The occasion for the strike was a discharge or a supposed discharge by the plaintiff of one Tronconi on the morning of June 22. There was a rule of Wells Brothers forbidding the men to enter the blacksmith shop. On the day in question Tronconi went into the blacksmith shop to get some tools which were being sharpened for him and was ordered out by Ardolino, the other foreman. Later the plaintiff gave Tronconi some instructions which Tronconi understood to mean that he was discharged. But the plaintiff always denied that he intended to discharge Tronconi. Thereupon on the same day the president and two members of the adjustment committee of the association had a conference with the plaintiff and Tronconi. At this conference Tronconi insisted that he had been unjustly discharged, the plaintiff denied that he had discharged him at all, and told him to go back to his work. The meeting of the association was held on the evening of that day, the strike followed the next day and was ended by the agreement reached on the afternoon of the second day, as we have already stated.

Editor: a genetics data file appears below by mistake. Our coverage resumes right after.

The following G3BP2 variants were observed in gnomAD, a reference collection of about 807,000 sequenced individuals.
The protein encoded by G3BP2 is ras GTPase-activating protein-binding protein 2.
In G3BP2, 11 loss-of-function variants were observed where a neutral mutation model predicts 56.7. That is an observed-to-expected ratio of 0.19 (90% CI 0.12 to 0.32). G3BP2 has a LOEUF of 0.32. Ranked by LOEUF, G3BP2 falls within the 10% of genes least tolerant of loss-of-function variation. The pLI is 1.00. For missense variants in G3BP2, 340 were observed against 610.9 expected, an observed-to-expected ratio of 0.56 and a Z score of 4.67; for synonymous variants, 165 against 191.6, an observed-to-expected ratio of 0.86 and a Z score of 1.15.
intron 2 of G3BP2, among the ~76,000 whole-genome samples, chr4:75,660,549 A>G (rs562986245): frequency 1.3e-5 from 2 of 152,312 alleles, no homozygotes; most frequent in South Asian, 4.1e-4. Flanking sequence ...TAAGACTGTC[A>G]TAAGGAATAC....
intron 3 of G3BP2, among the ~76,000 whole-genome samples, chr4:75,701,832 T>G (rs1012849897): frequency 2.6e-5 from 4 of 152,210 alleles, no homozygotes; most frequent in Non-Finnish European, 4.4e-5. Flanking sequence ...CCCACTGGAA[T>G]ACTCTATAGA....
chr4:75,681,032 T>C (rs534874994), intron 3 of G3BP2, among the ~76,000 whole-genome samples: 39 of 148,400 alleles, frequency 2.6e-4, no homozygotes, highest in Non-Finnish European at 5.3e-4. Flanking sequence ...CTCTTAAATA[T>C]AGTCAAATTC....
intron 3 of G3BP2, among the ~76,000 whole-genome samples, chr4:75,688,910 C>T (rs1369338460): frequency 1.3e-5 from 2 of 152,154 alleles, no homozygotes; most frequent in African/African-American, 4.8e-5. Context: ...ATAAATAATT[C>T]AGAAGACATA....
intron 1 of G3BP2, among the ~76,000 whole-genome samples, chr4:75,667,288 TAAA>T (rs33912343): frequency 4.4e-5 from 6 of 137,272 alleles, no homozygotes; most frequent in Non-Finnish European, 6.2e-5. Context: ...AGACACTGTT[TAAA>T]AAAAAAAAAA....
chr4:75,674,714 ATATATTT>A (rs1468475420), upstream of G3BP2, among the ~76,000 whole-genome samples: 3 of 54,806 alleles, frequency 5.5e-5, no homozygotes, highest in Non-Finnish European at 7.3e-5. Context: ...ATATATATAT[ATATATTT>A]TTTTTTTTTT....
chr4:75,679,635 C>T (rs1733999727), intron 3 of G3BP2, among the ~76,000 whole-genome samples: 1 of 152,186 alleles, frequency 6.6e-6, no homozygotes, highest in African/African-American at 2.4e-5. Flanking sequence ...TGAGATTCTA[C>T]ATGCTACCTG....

We pass by certain findings made by the master on issues raised by the pleadings which have now become immaterial, and come to his finding on the only issue now in dispute, namely, Was the strike for a justifiable purpose?
The master begins the part of his report in which that question is considered with this finding: "I find . . . that the respondents in securing his [the plaintiff's] removal were actuated by personal objections some of them had against his continuance in the office of foreman."'
We take this finding as to the "respondents" to be a finding as to the action of the members of the Milford Branch of the